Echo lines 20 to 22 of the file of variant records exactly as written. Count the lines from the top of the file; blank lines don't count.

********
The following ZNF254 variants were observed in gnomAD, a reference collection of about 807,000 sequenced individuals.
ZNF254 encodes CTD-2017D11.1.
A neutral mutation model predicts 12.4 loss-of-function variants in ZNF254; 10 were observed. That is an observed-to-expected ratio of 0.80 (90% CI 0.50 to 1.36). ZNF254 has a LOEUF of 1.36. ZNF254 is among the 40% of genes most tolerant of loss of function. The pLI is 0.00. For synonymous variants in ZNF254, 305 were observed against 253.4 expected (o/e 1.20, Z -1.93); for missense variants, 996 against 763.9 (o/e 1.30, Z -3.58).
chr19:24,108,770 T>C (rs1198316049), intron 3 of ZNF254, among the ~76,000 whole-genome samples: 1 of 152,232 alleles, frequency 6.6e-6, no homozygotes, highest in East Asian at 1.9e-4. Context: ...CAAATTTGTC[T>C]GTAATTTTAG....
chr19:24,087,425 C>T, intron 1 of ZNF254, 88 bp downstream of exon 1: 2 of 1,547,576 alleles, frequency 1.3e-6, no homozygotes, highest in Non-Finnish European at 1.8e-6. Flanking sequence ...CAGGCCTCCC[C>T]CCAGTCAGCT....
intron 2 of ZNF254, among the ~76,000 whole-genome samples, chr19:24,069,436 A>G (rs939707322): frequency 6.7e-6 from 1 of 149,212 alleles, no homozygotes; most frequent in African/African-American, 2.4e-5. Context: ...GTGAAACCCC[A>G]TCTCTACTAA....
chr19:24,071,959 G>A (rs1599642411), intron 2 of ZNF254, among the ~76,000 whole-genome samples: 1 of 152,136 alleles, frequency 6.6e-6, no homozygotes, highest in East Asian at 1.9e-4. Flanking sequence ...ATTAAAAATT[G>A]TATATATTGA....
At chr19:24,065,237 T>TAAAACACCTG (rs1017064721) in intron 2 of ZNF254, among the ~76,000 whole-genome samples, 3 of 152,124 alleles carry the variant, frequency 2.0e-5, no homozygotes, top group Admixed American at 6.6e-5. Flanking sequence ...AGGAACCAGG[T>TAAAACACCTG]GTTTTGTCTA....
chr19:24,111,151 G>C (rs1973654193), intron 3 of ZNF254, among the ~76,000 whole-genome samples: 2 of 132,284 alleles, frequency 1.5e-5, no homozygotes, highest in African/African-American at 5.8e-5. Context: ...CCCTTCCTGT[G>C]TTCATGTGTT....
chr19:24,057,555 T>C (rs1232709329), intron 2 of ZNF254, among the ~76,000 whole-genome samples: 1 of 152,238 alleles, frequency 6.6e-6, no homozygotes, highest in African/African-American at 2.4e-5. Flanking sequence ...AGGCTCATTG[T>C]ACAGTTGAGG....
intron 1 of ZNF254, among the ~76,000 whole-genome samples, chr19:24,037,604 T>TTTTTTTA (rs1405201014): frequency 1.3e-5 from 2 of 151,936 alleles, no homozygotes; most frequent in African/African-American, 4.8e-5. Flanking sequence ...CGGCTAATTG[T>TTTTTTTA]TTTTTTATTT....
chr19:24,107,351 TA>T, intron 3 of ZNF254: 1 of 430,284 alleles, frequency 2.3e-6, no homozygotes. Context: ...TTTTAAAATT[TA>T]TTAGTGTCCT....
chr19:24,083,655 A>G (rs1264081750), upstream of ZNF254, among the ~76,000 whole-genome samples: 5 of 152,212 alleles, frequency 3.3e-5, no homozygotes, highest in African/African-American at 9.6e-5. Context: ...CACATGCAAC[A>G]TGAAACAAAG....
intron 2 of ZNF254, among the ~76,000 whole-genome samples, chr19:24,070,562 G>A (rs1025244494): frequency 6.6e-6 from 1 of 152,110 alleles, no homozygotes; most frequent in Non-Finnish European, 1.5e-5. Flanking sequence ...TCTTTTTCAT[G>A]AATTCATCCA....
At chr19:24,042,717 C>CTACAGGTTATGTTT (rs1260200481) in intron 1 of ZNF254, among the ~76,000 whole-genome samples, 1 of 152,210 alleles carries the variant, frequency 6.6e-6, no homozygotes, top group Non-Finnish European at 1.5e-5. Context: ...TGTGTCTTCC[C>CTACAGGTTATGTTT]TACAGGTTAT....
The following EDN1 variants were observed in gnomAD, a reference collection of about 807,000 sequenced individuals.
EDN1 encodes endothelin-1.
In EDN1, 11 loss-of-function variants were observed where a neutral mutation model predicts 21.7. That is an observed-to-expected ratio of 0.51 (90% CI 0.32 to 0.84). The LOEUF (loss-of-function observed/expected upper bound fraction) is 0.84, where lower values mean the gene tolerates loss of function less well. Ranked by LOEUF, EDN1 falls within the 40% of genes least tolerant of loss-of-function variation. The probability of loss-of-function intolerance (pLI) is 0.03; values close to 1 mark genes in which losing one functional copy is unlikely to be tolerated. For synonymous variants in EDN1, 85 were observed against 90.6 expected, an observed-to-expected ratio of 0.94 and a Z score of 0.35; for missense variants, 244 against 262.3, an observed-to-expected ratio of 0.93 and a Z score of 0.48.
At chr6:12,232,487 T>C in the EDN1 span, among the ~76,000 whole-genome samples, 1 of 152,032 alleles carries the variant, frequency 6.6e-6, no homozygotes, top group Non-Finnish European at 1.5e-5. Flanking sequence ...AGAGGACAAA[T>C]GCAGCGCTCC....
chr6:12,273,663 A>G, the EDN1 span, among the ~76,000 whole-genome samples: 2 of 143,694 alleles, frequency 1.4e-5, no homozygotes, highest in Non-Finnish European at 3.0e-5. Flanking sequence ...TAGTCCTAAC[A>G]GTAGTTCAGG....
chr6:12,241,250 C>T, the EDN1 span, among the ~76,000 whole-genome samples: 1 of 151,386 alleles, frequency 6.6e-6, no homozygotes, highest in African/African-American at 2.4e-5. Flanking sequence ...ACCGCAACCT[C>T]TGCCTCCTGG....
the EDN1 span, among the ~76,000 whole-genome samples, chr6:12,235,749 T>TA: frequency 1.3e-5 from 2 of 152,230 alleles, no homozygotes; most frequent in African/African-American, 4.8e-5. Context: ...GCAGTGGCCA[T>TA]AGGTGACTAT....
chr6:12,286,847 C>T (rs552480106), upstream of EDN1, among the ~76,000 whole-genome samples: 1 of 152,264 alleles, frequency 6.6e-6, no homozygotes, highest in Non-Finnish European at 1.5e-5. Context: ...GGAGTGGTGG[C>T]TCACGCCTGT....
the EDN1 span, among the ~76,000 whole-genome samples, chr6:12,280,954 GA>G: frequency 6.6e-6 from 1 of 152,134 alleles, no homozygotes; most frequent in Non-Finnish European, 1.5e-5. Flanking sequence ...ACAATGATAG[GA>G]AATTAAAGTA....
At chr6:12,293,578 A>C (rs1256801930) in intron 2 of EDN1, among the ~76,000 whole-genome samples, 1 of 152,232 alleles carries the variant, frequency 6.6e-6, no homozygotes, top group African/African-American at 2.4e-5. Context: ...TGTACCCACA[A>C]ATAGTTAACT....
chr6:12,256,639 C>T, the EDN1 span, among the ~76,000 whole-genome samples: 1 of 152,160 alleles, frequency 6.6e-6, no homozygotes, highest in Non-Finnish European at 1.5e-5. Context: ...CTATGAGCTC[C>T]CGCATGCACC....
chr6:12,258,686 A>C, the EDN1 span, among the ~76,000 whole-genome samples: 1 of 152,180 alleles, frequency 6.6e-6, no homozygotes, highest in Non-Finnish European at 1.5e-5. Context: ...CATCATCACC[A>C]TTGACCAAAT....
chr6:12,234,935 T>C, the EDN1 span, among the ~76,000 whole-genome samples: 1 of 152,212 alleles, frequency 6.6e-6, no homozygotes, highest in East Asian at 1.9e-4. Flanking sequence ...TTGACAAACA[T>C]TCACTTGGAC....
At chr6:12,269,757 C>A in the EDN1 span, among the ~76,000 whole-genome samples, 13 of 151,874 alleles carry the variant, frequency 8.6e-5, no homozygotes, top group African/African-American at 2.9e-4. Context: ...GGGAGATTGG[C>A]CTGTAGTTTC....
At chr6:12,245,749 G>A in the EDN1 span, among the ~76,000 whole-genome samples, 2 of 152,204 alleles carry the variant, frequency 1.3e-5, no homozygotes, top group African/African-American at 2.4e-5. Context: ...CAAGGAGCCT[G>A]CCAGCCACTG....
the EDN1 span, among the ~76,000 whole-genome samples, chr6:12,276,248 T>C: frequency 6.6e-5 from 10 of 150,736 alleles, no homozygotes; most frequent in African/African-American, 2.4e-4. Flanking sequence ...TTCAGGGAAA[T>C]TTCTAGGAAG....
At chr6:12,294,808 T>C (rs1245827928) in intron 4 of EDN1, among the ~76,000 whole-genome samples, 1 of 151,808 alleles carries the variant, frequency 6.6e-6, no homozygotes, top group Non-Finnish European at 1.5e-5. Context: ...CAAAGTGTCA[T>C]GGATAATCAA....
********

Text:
chr6:12,273,663 A>G, the EDN1 span, among the ~76,000 whole-genome samples: 2 of 143,694 alleles, frequency 1.4e-5, no homozygotes, highest in Non-Finnish European at 3.0e-5. Flanking sequence ...TAGTCCTAAC[A>G]GTAGTTCAGG....
chr6:12,241,250 C>T, the EDN1 span, among the ~76,000 whole-genome samples: 1 of 151,386 alleles, frequency 6.6e-6, no homozygotes, highest in African/African-American at 2.4e-5. Flanking sequence ...ACCGCAACCT[C>T]TGCCTCCTGG....
the EDN1 span, among the ~76,000 whole-genome samples, chr6:12,235,749 T>TA: frequency 1.3e-5 from 2 of 152,230 alleles, no homozygotes; most frequent in African/African-American, 4.8e-5. Context: ...GCAGTGGCCA[T>TA]AGGTGACTAT....